Amid talk of property price bubble, BSP plays it safeBy Michelle V. Remo
Philippine Daily Inquirer
Amid speculations that an asset price bubble could be in the offing, the Bangko Sentral ng Pilipinas announced on Thursday that it would impose limits to housing loans extended by banks to individual borrowers and to investments by banks in securities sold by real estate firms.
The BSP will likewise limit the loans extended by banks to developers of socialized and low-cost houses.
According to BSP Governor Amando Tetangco Jr., there is actually no basis yet for concerns that a bubble is forming in the housing market. But the central bank still finds it prudent to impose additional controls to the exposure of banks to the real estate sector.
“There are some forms of funding that go to the real estate sector, but these are actually not in the form of loans. We [BSP] want to get a complete picture of the exposure of banks to the real estate sector,” Tetangco yesterday told reporters at the sidelines of a financial forum sponsored by Bank of the Philippine Islands.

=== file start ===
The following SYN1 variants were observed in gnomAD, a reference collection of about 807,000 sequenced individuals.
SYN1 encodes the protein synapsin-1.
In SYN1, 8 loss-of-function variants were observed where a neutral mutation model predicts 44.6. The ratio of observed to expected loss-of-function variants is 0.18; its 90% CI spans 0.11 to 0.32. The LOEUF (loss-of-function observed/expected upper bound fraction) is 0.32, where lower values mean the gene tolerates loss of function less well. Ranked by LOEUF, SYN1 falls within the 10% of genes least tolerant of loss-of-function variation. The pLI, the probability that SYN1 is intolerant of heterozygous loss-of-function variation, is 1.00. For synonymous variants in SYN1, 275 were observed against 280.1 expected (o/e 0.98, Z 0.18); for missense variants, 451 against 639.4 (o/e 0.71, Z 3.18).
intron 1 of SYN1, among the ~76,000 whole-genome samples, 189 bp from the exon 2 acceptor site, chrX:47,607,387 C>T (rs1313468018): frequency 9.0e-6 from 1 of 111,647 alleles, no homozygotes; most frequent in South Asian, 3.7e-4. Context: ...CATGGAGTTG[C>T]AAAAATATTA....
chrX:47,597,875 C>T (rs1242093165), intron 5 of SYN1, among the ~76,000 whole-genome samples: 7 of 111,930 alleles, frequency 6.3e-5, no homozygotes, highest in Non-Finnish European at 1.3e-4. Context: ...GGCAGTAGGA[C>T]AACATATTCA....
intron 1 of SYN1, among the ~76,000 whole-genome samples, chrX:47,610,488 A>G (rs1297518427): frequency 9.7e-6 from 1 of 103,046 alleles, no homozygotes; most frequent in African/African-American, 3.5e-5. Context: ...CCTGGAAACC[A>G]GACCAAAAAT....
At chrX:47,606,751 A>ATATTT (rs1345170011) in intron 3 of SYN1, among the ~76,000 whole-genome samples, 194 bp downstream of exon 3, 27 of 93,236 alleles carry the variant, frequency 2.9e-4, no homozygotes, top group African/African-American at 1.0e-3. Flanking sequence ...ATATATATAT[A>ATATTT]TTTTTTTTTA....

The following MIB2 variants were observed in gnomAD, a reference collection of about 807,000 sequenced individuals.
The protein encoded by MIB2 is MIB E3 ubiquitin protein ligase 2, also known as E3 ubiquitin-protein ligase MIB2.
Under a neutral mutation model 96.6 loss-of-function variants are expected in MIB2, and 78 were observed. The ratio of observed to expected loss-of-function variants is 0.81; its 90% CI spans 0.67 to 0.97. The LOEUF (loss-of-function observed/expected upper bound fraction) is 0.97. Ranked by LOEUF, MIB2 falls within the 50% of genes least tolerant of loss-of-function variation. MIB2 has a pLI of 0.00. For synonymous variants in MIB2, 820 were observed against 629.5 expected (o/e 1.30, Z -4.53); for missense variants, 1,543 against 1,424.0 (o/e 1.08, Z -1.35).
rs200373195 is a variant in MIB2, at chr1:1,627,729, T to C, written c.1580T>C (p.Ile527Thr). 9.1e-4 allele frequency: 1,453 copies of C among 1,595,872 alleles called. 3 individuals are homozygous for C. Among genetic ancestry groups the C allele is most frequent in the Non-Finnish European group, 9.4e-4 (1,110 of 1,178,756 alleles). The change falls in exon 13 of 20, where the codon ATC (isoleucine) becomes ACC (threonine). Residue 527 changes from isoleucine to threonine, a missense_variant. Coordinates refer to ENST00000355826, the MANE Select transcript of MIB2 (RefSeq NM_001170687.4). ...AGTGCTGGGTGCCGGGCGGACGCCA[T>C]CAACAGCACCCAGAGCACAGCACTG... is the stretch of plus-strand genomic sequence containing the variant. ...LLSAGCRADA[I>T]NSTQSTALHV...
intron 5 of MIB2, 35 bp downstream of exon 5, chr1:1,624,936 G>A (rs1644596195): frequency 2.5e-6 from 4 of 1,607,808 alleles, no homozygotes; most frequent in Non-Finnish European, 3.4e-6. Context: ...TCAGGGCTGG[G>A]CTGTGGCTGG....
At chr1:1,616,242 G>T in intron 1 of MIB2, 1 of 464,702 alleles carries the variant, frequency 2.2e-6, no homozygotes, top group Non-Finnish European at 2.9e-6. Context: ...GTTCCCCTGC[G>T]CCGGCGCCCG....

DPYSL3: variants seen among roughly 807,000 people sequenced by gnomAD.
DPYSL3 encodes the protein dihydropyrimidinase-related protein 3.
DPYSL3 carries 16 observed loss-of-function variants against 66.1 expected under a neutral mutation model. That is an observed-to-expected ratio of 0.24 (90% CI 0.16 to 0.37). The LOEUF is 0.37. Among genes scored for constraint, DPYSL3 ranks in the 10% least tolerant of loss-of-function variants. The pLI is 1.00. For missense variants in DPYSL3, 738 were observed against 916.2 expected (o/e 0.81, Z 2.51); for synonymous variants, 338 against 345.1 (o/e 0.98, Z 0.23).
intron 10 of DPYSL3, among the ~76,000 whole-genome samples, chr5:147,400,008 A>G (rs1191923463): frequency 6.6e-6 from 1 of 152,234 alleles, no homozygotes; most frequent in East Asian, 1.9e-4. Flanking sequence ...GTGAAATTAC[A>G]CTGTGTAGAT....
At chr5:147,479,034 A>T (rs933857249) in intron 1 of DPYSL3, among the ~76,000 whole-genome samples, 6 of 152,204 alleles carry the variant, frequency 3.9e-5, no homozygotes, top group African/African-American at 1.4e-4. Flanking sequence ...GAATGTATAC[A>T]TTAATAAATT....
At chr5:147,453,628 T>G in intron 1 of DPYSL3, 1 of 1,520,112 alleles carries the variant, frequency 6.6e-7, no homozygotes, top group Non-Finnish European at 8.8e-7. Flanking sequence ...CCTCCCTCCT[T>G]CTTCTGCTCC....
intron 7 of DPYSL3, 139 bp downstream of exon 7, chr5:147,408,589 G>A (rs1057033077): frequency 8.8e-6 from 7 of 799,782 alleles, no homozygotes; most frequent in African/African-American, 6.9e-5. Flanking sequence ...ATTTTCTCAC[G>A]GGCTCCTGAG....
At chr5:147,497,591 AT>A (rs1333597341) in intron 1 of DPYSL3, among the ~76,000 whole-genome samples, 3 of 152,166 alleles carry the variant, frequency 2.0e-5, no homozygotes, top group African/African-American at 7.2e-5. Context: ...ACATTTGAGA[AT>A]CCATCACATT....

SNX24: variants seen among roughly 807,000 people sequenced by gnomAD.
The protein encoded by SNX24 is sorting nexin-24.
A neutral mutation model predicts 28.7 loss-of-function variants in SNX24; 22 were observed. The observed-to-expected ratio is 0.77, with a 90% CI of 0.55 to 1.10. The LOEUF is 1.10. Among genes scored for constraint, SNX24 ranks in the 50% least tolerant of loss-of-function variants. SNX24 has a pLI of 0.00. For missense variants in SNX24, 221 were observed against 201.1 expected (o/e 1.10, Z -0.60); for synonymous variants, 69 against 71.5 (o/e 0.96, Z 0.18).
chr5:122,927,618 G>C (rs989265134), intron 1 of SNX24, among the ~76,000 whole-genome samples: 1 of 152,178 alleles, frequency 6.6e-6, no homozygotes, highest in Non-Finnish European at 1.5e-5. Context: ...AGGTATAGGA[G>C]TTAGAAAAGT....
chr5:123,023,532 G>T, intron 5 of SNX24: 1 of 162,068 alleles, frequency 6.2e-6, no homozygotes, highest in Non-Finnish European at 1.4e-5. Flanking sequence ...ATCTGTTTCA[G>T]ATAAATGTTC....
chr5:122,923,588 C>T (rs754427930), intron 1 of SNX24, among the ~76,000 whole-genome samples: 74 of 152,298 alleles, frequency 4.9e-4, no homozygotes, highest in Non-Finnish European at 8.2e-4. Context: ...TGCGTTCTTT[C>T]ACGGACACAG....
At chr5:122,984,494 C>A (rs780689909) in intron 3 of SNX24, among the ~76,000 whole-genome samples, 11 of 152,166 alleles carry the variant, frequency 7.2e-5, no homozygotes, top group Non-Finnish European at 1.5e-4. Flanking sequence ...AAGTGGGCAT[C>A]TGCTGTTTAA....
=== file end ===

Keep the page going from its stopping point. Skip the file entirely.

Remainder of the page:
The Monetary Board of the central bank last week approved the expansion of the components of the “real estate exposure” of banks, Tetangco said. In particular, housing loans to individual borrowers, as well as investments by banks in securities issued by real estate firms are now included in the computation of “real estate exposure.”
In addition, loans extended to entities that use borrowed funds to build socialized and low-cost houses have been included in the computation of “real estate exposure.”
Under BSP guidelines, the maximum allowable “real estate exposure” of a bank is set at 20 percent of its total loan portfolio. The BSP is so far keeping the 20-percent limit. However, it is expanding the components of “real estate exposure.”
Previously, in computing the “real estate exposure” of a bank, only loans to corporate borrowers engaged in real estate projects were considered.
But under the new rules, even investments by banks in securities issued by property firms, housing loans to individual borrowers, and loans to support development of socialized and low-cost houses will be included in the computation, Tetangco said.
Short URL: http://business.inquirer.net/?p=78384